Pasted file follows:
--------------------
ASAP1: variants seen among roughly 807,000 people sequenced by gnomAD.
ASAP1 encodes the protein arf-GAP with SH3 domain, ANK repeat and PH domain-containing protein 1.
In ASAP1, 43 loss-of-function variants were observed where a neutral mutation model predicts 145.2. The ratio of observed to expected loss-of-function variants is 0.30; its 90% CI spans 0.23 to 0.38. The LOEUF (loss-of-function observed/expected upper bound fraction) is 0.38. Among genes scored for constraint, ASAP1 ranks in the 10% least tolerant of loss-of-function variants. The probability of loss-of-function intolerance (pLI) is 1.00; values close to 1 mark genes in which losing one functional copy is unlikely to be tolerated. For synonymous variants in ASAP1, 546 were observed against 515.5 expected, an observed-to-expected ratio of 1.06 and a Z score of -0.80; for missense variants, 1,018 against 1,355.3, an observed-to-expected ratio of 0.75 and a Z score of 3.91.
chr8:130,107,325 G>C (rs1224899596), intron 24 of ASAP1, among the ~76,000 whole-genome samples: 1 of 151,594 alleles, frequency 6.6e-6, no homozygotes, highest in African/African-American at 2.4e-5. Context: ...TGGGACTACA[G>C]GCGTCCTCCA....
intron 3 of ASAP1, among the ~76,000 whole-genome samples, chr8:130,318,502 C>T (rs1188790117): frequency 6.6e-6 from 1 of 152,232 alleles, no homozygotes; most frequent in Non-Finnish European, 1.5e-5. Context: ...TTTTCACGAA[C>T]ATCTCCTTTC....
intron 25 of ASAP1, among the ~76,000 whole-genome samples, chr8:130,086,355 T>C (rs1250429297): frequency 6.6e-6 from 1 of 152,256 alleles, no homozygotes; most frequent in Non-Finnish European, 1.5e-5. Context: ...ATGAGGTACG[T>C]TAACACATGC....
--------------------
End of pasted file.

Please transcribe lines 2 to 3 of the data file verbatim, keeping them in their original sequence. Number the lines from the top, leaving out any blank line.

ASAP1 encodes the protein arf-GAP with SH3 domain, ANK repeat and PH domain-containing protein 1.
In ASAP1, 43 loss-of-function variants were observed where a neutral mutation model predicts 145.2. The ratio of observed to expected loss-of-function variants is 0.30; its 90% CI spans 0.23 to 0.38. The LOEUF (loss-of-function observed/expected upper bound fraction) is 0.38. Among genes scored for constraint, ASAP1 ranks in the 10% least tolerant of loss-of-function variants. The probability of loss-of-function intolerance (pLI) is 1.00; values close to 1 mark genes in which losing one functional copy is unlikely to be tolerated. For synonymous variants in ASAP1, 546 were observed against 515.5 expected, an observed-to-expected ratio of 1.06 and a Z score of -0.80; for missense variants, 1,018 against 1,355.3, an observed-to-expected ratio of 0.75 and a Z score of 3.91.